A new concept in publishing, BAM takes a look at comics-as-outsider-art. It is a collection of minicomics--- comics that were originally lovingly xeroxed, collated, folded and stapled by hand by their creators, then self distributed in the artists' local communities. These comics provide a unique look at the local color and local art scenes of communities in countries as diverse as North Korea, New Zealand, Australia, Norway, the U.K., The United States, and Canada.
Weird, quirky, and the product of artists with a singular vision who work without compensation and with little recognition, BAM has already generated controversy. One critic calls it "A noble idea dragged down by ill-minded proletarianism.... like a kitten suffocating inside a forty-pound sack of pigsh**." Another critic declares: "Not a single person's work was turned down. And this strength - this anarchic outsider strength - will carry BAM into comic publishing history."
"Well Worth It and More" This collection is just what I've been looking for. The heart and soul that these comic strip artists put into their work shows. Personally, I think this collection is comparable to the recently published "The Best American Comics" from Houghton Mifflin. I think this is tops. Thanks guys for putting this book out.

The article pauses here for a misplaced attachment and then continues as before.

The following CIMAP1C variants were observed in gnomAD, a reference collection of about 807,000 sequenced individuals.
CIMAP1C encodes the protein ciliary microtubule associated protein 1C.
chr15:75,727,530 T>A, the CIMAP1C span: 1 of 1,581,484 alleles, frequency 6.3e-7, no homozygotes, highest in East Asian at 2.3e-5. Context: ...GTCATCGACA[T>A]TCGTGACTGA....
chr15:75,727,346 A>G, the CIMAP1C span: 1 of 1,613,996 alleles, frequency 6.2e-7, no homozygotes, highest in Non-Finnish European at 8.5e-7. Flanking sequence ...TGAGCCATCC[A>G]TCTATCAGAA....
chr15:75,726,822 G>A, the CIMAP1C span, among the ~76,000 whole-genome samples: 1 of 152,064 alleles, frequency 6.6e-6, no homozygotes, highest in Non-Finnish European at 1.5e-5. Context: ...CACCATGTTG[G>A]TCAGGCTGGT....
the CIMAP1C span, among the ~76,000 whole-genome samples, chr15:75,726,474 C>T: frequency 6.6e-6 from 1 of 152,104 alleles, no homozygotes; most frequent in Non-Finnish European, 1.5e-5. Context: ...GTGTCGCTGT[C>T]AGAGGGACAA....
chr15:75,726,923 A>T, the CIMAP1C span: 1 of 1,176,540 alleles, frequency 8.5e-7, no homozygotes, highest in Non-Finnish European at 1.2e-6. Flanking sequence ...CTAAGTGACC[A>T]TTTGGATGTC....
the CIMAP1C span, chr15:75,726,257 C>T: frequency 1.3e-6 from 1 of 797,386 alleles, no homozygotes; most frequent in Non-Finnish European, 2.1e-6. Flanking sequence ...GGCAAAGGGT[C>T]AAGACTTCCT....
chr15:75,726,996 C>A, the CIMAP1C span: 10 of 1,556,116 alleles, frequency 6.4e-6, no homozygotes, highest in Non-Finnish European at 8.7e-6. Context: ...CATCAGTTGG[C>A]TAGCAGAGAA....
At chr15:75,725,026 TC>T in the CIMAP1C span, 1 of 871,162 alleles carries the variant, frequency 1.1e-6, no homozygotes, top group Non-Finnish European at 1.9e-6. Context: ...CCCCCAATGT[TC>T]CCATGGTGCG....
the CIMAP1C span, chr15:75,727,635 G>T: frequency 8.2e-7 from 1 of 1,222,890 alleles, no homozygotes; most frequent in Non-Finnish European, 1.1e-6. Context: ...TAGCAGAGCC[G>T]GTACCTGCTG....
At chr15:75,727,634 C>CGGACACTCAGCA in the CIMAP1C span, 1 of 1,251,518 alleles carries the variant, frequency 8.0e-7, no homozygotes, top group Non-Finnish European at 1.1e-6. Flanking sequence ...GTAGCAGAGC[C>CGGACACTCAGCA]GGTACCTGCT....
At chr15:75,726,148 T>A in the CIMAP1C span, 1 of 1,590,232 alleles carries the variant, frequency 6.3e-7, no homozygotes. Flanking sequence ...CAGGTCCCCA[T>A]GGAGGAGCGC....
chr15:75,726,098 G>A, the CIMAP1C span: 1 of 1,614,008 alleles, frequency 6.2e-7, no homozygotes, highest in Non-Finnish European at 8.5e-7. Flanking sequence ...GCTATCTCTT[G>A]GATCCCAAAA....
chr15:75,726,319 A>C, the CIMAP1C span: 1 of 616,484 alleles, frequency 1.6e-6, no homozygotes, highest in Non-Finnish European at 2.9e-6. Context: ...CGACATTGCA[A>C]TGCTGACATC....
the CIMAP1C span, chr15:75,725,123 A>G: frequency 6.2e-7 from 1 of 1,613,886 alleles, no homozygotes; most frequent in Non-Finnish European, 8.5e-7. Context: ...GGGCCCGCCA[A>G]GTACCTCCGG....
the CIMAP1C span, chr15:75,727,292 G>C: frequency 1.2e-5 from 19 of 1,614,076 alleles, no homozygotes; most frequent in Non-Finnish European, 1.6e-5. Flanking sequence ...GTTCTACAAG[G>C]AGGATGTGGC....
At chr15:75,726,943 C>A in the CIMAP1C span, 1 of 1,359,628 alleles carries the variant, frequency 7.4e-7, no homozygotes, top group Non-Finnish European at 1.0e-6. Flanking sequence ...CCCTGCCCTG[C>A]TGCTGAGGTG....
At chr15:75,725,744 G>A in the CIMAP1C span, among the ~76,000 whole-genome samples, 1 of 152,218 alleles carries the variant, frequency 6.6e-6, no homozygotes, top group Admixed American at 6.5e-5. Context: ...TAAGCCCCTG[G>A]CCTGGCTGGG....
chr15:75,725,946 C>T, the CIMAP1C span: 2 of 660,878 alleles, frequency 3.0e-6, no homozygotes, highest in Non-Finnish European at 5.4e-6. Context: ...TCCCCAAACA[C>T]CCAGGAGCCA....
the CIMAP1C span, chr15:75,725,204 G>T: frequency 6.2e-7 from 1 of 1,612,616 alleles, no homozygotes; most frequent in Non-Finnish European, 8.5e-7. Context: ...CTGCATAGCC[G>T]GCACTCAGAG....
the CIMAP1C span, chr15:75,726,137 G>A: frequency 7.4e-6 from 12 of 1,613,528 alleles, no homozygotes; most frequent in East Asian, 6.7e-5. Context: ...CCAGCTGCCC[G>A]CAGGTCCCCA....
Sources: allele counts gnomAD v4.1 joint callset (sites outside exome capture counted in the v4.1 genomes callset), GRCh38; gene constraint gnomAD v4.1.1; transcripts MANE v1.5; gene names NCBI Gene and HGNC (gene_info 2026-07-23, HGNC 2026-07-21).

"BAM, what I have been looking for." A long time ago, I was at the comic book store every week buying the latest Spider-man or Capitan America. Around 1992, all my favorite artists formed a creator-owned company of comics called Image Comics. I found that since these comics were the heart of the creators who had full control of the production of their books. At Marvel they did not care about the books but more on how they merchandised them. I still tried to read both Marvel and Image for about a year, but my poor teenage allowance soon decided. At that moment, I went creator owned with all my purchases. That is not to say that there was not some really bad stinkers at Image. However, its success fueled a bunch of creator owned companies to pop up. It was during this time that I was introduced to real small press alternative/indy comics. As I grew out of my childhood and into my adulthood, I realized comics could be literature, in the examples of Eisner and Spiegelman,... More > instead of just superheroes. However, after the birth of my children the financial aspects of being a parent rather limited my buying abilities. Due to the fact that I could not see what was being published by the mainstream or even the small press alternative/indy comic publishers, I found yet another side to comics. The extreme outsiders art of comics pushing the boundaries of the art form itself ... It is my belief that through mini-comics and webcomics, you find the true underground scene of comics. Forget the works of Crumb, Pekar or Gloeckner, the real outsider art can be found in people spending their nights at photocopiers, folding and stapling, or with their scanners and a modem. These are artists are in it for the sake of the art form and expect no return. These are stories that publishers rejected because they were too unique. I found a few of these creators on various online communities. Some of them are people just like me, who were raised on Spider-man and wanted comics to be something more. Others are people from other countries who have never been in a comic book store or read a Spider-man comic. Once a year or so I try to buy a batch of mini-comics from these artists. Not only do you get a cool as all heck comic, but you end up supporting an aspiring artist. Although, I sometimes wonder why I pay two dollars plus shipping for a 8 or 16 page Xeroxed comic. To me they are worth so much more than an Image, DC or Marvel comic, but it always leaves me wanting more. I was on Lulu buying a comic from a creator I know and I decided to browse a bit. Then I saw a name I recognized. David Recine manages to write a well thought out, interesting story for all ages without dumbing it down. Recine's quality art and solid storytelling reminds me of reading Carl Bark's Uncle Scrooge comics when I was a kid and how I still enjoy them today. Right away I knew at least one story would be good. But Recine was not just an artist, but also the editor-in-chief of this anthology. BAM! (Big Ass Mini) is a collection of over 70 comics by over 60 creators! If you are anything like me, THIS IS THE BOOK FOR YOU! Let us just face it, with 500 pages of mini-comics and webcomics collected in one book, THIS BOOK IS FOR EVERYBODY! As Recine describes in the foreword, he did not exclude one submission as long as it made it before the deadline. There were a handful of other artists that I recognized on the list, but it is the unknown names excite me the most. Every kind of style and genre is here. It is kind of like going to mini-comic convention and getting one of everything. Buy it and you will not regret it. The price is a steal and you only have to pay for shipping once.< Less
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